The Obama administration would never authorize the prosecution of a CIA operative who murdered al-Awlaki, much less one of its own lawyers or officials.  But who knows what the future will hold?  There is no statute of limitations for murder, so perhaps one day a genuine progressive will be elected President, someone who takes seriously the need to hold government officials accountable for their crimes — even those committed in the name of “fighting terrorism.”  In the interim, we need to constantly remind people that the criminal law is not optional, not something that can be cast aside every time the government decides it is too limiting.  And the best way to do that is to call the (potential) killing of al-Awlaki what it is — murder.

http://opiniojuris.org/2010/04/08/lets-call-killing-al-awlaki-what-it-is-murder/

17 Responses

  1. Say the Republicans take the House in the Nov. election.

    Has Obama, by authorizing the CIA to kill al-Awlaki, committed an impeachable offense, in your view?

  2. Hi Kevin, interesting post. I take your point about 18 USC 1119, but isn’t the proper analogy here not torture but detention? The Supreme Court in Hamdi upheld detentions of U.S. combatants as “enemies” notwithstanding a federal statute that seemed to forbid such detentions.  The Court did so on the basis of the AUMF, arguing that it provides a separate and independent legal authority for such detentions, subject to constitutional constraints.  If the U.S. can detain U.S. citizens as enemies, why can’t it kill them as well under the same theory?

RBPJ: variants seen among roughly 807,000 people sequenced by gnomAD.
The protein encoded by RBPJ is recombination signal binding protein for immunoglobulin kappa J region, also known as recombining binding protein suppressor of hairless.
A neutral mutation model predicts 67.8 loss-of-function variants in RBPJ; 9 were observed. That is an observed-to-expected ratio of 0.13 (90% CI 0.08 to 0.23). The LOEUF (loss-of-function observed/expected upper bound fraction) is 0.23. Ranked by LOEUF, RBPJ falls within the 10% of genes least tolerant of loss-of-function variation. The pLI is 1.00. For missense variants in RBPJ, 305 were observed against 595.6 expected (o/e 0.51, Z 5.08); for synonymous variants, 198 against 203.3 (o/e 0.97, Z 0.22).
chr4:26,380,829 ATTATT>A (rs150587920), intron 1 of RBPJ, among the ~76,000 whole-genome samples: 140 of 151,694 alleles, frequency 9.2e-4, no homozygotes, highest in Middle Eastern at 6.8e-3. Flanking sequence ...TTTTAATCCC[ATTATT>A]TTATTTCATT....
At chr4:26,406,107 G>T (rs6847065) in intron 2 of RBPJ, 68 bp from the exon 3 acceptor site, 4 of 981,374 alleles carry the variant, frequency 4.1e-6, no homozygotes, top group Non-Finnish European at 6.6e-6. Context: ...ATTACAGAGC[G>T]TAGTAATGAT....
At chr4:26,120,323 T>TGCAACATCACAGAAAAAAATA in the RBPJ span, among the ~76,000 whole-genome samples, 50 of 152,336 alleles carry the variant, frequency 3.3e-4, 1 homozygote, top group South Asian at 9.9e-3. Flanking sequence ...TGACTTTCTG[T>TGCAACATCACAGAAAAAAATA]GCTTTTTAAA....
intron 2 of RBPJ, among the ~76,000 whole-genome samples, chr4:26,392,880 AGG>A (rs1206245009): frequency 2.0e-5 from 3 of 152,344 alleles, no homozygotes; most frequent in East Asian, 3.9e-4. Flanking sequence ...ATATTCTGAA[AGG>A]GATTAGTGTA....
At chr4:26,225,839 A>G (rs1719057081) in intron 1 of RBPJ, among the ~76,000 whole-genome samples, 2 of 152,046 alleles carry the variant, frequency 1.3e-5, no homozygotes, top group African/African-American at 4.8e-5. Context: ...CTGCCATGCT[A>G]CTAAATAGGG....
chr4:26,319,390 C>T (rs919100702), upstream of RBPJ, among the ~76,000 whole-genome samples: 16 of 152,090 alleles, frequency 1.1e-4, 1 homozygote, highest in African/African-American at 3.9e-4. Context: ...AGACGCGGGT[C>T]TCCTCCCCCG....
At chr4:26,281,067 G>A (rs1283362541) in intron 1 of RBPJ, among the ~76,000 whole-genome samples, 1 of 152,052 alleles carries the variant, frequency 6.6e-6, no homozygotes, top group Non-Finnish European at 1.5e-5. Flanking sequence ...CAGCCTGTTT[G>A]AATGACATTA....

Also, couldn’t almost all of your problems be answered by getting the CIA out of the assassination business and turning it over the the military?
  3. Kevin,

    I think you have missed one possible defense, though you talk on issues related to it.  I am uncertain if it applies, but if the CIA agent is acting within some other lawful authority under domestic law, the conduct would be justified.  I do know that the U.S. Manual for Courts-Martial includes, among its defenses in R.C.M. 916:

    (c) Justification. A death, injury, or other act caused or done in the proper performance of a legal duty is justified and not unlawful.

    It further provides, in the discussion to this defense, that:

    The duty may be imposed by statute, regulation, or order. For example, the use of force by a law enforcement officer when reasonably necessary in the proper execution of a lawful apprehension is justified because the duty to apprehend is imposed by lawful authority. Also, killing an enemy combatant in battle is justified.